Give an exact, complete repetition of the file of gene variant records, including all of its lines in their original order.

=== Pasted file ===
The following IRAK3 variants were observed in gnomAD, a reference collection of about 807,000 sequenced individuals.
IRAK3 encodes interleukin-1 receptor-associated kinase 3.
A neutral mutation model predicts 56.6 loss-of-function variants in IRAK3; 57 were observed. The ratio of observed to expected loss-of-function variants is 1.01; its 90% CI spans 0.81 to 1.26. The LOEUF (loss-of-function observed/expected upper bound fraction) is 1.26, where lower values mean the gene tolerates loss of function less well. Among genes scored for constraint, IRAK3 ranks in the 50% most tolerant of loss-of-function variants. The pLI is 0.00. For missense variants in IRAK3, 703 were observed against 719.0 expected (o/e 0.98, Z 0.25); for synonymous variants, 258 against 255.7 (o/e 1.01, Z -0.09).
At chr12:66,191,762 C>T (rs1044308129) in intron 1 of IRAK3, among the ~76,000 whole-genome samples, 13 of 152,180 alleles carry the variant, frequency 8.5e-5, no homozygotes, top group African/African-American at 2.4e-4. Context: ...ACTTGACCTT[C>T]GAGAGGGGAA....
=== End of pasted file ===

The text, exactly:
The following IRAK3 variants were observed in gnomAD, a reference collection of about 807,000 sequenced individuals.
IRAK3 encodes interleukin-1 receptor-associated kinase 3.
A neutral mutation model predicts 56.6 loss-of-function variants in IRAK3; 57 were observed. The ratio of observed to expected loss-of-function variants is 1.01; its 90% CI spans 0.81 to 1.26. The LOEUF (loss-of-function observed/expected upper bound fraction) is 1.26, where lower values mean the gene tolerates loss of function less well. Among genes scored for constraint, IRAK3 ranks in the 50% most tolerant of loss-of-function variants. The pLI is 0.00. For missense variants in IRAK3, 703 were observed against 719.0 expected (o/e 0.98, Z 0.25); for synonymous variants, 258 against 255.7 (o/e 1.01, Z -0.09).
At chr12:66,191,762 C>T (rs1044308129) in intron 1 of IRAK3, among the ~76,000 whole-genome samples, 13 of 152,180 alleles carry the variant, frequency 8.5e-5, no homozygotes, top group African/African-American at 2.4e-4. Context: ...ACTTGACCTT[C>T]GAGAGGGGAA....